MILAN - Benito 'Veleno' Lorenzi passed away today, just before his beloved Inter took to the pitch for a victory over Livorno that he would have been pleased with. He was 81.
When 'Veleno' (literally 'poison') played, news would become literature. Like his second Serie A match for Inter, against Juventus in the summer of 1947.
Born on 20 December 1925 in the Tuscan town of Buggiano, near Pistoia, Lorenzi joined Inter from Empoli. Benito was one of three children of a tailor father and a grocery shop assistant mother, the first person to call him 'Veleno'.
A furiously talented penalty-area striker; thin, gritty, cunning, predatory, powerful and as quick as lightning, Benito Lorenzi was all this and more. Scoring was his job, and when he ended his Inter career he had scored 143 goals in 314 matches, during which time he won back-to-back Scudettos with Alfredo Foni's team, in 1952/53 and 1953/54. At international level Lorenzi scored 4 goals in 14 appearances for the Azzurri, and in typical style was also the protagonist of an argument with Brazilian referee Viana at the 1954 World Cup in Switzerland. For Nerazzurri fans, Lorenzi was their new hero after Giuseppe Meazza.
In that match against a fearsome Juventus side in 1947, a young Lorenzi found himself up against Bianconeri full-back Rava, who gave him regular 'beatings', always followed by a puncutal apology. At the start, Veleno didn't understand what was happening, but after the umpteenth foul it was Inter masseur Della Casa who came to his aid. "It was him who changed my career," Benito admitted. "He said 'React, Lorenzi'. And I reacted. I went in hard on Angeleri and Rava got furious. 'Hey boy! Who do you think you are. Here we eat our bread....' I replied: 'Sure, and you don't want me to start eating it!'" Lorenzi's was indeed very good bread for Inter.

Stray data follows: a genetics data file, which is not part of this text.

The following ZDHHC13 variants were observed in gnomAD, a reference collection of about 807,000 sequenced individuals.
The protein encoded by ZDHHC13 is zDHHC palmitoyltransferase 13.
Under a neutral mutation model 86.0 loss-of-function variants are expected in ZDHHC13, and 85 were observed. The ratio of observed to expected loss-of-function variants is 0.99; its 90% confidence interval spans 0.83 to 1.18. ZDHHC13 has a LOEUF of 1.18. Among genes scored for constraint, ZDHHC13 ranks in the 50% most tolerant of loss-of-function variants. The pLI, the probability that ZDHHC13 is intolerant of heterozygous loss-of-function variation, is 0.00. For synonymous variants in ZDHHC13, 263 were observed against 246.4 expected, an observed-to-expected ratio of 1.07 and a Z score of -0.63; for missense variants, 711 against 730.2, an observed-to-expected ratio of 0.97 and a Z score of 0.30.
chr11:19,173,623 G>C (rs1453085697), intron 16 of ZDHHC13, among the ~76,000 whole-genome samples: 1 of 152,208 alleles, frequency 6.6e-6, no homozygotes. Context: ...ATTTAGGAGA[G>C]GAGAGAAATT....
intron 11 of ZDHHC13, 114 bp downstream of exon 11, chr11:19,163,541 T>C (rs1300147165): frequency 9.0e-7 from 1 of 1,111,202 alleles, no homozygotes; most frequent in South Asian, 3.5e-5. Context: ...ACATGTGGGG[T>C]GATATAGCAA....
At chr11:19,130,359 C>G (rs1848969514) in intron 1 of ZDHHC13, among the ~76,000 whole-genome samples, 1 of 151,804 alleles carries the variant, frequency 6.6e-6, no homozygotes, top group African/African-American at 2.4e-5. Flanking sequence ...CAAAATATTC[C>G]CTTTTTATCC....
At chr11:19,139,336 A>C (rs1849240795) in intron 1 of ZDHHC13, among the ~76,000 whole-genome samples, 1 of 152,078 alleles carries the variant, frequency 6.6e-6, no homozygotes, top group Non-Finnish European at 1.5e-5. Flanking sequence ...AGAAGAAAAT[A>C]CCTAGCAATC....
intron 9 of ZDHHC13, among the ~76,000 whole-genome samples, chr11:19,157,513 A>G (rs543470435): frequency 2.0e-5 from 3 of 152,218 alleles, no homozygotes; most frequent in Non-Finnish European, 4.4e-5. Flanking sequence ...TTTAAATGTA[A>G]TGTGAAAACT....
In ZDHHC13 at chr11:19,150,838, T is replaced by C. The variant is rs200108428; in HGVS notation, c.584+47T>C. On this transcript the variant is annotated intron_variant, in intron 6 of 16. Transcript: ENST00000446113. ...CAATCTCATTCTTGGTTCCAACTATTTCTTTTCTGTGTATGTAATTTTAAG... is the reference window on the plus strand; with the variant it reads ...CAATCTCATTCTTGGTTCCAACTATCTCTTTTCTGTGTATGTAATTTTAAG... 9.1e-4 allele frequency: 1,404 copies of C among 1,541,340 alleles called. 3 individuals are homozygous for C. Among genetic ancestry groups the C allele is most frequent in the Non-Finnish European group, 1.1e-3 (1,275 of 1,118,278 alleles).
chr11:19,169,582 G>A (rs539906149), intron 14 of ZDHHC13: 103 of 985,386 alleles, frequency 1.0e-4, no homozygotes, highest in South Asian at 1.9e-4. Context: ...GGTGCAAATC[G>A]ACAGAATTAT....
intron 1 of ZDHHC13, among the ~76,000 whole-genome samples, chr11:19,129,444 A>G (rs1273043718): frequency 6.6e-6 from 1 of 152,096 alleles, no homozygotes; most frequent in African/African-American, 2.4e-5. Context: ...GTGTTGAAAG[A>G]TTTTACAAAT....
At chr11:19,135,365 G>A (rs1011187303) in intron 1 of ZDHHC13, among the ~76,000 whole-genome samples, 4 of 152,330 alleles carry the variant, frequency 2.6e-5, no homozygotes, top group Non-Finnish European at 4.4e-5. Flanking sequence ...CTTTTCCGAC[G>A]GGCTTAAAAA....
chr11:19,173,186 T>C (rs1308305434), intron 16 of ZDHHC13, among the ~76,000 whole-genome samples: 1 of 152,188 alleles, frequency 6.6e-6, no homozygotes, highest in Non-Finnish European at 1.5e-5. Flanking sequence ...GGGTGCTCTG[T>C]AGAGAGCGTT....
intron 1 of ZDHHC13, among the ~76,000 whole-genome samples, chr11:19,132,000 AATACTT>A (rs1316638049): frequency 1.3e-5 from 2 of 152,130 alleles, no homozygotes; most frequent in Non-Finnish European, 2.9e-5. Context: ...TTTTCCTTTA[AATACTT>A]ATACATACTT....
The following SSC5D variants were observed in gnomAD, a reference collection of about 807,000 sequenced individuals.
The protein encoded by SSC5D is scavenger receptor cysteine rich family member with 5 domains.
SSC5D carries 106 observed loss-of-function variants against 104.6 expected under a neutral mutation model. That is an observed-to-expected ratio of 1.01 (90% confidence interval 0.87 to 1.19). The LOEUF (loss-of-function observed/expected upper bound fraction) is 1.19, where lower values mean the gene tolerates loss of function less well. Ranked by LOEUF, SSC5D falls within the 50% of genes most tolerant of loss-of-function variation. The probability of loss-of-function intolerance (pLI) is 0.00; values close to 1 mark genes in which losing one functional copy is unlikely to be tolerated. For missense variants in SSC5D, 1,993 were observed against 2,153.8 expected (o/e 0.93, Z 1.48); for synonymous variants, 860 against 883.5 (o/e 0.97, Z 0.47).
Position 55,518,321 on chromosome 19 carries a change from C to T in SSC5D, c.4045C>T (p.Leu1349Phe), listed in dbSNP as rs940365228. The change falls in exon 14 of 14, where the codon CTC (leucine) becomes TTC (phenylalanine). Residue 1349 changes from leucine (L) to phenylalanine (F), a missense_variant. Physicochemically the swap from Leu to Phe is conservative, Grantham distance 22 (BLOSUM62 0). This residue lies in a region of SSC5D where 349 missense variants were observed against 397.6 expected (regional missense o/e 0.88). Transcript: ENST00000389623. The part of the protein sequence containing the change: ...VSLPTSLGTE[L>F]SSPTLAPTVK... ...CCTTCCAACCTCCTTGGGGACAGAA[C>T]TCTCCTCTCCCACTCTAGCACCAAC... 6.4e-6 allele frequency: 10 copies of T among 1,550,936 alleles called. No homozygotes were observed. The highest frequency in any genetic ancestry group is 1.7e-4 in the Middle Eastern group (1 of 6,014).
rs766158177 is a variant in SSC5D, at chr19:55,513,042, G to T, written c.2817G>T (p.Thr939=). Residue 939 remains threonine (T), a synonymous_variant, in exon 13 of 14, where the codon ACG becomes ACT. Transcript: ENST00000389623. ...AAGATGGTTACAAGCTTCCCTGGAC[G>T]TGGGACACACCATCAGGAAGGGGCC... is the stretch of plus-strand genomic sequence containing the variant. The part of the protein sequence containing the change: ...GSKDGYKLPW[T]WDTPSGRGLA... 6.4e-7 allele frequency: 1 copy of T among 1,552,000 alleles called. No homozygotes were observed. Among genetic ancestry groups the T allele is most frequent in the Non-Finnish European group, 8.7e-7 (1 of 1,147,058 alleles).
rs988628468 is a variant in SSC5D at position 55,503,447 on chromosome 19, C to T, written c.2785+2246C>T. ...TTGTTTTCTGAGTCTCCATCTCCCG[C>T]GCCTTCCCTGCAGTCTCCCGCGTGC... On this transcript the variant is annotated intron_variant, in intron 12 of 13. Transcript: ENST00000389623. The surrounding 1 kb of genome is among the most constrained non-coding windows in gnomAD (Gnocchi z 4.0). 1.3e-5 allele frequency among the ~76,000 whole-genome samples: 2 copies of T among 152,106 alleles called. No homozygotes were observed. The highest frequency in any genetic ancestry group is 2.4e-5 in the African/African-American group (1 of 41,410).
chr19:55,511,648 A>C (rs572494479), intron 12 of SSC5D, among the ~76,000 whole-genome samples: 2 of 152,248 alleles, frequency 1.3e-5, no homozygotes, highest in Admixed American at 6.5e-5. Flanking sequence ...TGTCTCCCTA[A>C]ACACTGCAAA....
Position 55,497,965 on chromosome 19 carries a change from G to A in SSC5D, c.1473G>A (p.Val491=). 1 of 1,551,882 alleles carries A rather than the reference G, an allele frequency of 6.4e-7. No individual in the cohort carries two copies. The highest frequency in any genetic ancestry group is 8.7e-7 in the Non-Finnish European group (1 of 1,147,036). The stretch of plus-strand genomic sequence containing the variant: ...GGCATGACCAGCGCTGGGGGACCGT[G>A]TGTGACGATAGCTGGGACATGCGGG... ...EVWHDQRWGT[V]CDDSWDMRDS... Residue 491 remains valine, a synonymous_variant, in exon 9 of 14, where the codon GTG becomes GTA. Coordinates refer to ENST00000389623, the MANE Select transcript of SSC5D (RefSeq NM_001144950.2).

And what about that slice of lemon? Lorenzi developed a sporting hatred for AC Milan (although off the pitch he was best friends with Nordahl). A protagonist of the 6-5 victory over the Rossoneri on 6 November 1949, Veleno played his 22nd Milan derby on 6 October 1957. He won Inter a dubious penalty before referee Lo Bello gave one to Milan. Tito Cucchiaroni stepped up to the spot and, incredibly, missed. After Inter's 1-0 victory there was a brawl between the players, for no apparent reason. A few years later Benito explained why. "I was sucking half a lemon, which we did back then to quench our thirst," he admitted, "and without letting the opponents see me - but I realised the Milan fans were shouting all sorts of things - I put that half lemon on the spot, below the ball so Cucchiaroni would miss."
Before hanging up his boots Veleno had spells at Alesandria and Brescia, but the city of Milan and Inter remained his home, his world, his strength. He coached the academy youngsters (Arturo Di Napoli was his last favourite pupil), went from home to home to collect money for the needy, and was a regular visitor to Inter's training ground on Saturdays. He would arrive at the wheel of an old Fiat 500, irritated by everything and everyone, both jokingly and intentionally, ready to write his book of truths. "And I'll warn you beforehand - when I write it I will tell everything and criticise everybody. Yes, even you."
Ciao, caro Veleno.